Construction Exposures OSHA Exposure For Most Businesses Including Those In Construction
Construction industry as well as other employers need to watch key construction safety risks.
Construction industry employers get high scrutiny of their safety and injury experience and practices because of high injury incidents coming from these risks. However, you don’t have to be in the construction industry to be exposed to construction and building related risks that are common source of workplace injury and OSHA citations.
While continuing to keep the heat up on enforcement, the Occupational Health & Safety Administration (OSHA) recently released new and updated educational brochures and a series of new QuickCards it intends to promote worker safety in these and other areas.
With construction and related activities continuing to be a lead source of injuries, the Occupational Health & Safety Administration (OSHA) is taking steps to promote better safety compliance in relation to construction and other common accident sources as well as continuing to zealously enforce OSHA citations and other remedies against businesses breaching these and other safety responsibilities. As virtually all employers, including but not limited to those in construction or similar industries have workers performing construction related tasks, all employers should check the updated and existing safety requirements involving these actions and take other steps to manage these and other highlighted exposures.
Construction, Other Safety Education & Resources Updated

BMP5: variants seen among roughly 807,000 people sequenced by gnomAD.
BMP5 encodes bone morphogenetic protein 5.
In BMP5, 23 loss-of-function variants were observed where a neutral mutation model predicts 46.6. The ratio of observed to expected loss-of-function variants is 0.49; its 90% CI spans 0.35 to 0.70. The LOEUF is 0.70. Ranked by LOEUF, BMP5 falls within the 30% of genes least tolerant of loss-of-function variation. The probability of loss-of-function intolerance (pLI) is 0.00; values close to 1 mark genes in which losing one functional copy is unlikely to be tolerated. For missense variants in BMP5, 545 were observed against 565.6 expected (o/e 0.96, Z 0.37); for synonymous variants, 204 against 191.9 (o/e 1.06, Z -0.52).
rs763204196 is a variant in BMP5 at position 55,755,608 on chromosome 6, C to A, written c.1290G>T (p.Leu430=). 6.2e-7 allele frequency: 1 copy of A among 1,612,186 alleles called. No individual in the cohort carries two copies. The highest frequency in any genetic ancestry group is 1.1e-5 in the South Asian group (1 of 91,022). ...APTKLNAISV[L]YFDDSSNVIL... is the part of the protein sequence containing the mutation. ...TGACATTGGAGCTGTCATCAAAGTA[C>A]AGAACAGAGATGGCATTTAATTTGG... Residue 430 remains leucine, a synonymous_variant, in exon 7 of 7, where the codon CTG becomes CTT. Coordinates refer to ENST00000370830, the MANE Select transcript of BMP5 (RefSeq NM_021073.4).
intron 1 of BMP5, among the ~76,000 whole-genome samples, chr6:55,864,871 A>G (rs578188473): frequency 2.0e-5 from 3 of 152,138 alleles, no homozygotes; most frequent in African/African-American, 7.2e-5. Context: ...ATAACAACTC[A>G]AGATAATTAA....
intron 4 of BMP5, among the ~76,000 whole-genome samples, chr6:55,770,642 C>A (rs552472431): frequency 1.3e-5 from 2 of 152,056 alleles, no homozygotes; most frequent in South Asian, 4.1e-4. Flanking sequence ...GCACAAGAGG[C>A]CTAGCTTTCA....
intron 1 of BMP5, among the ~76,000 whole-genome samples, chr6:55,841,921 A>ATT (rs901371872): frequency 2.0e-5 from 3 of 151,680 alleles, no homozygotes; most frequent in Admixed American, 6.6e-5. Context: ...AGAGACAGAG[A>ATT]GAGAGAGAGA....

Focusing on worker safety in the construction, general and maritime industries, OSHA recently released new and updated educational brochures and a series of new QuickCards on worker safety. These materials available here include workers’ rights, employer rights and responsibilities following an OSHA inspection, construction industry digest, small entity compliance guide for respiratory protection standard and laboratory safety guidance. These new resources are part of a broad range of worker health and safety guides, standards and related materials published by OSHA covering a broad range of industries.
The emphasis on these industries is based in part on the high injury incidence in these businesses. OSHA statistics show that of 4,070 worker fatalities in private industry in calendar year 2010, one-fifth (751 or 18.5%) were in construction. The leading causes of worker deaths on construction sites were: falls, electrocution, struck by object, and caught–in/between. These “Fatal Four” were responsible for nearly three out of five (57%) construction worker deaths in 2010:
- Falls – 260 out of 751 total deaths in construction in CY 2010 (35%)
- Electrocutions – 76 (10%)
- Struck by Object – 63 (8%)
- Caught-in/between – 32 (4%)
Employers of workers involved in construction, general and maritime industries also frequently are found to have committed violations that fall within the Top 10 most frequently cited OSHA standards violated in FY2010:
- Scaffolding, general requirements, construction (29 CFR 1926.451)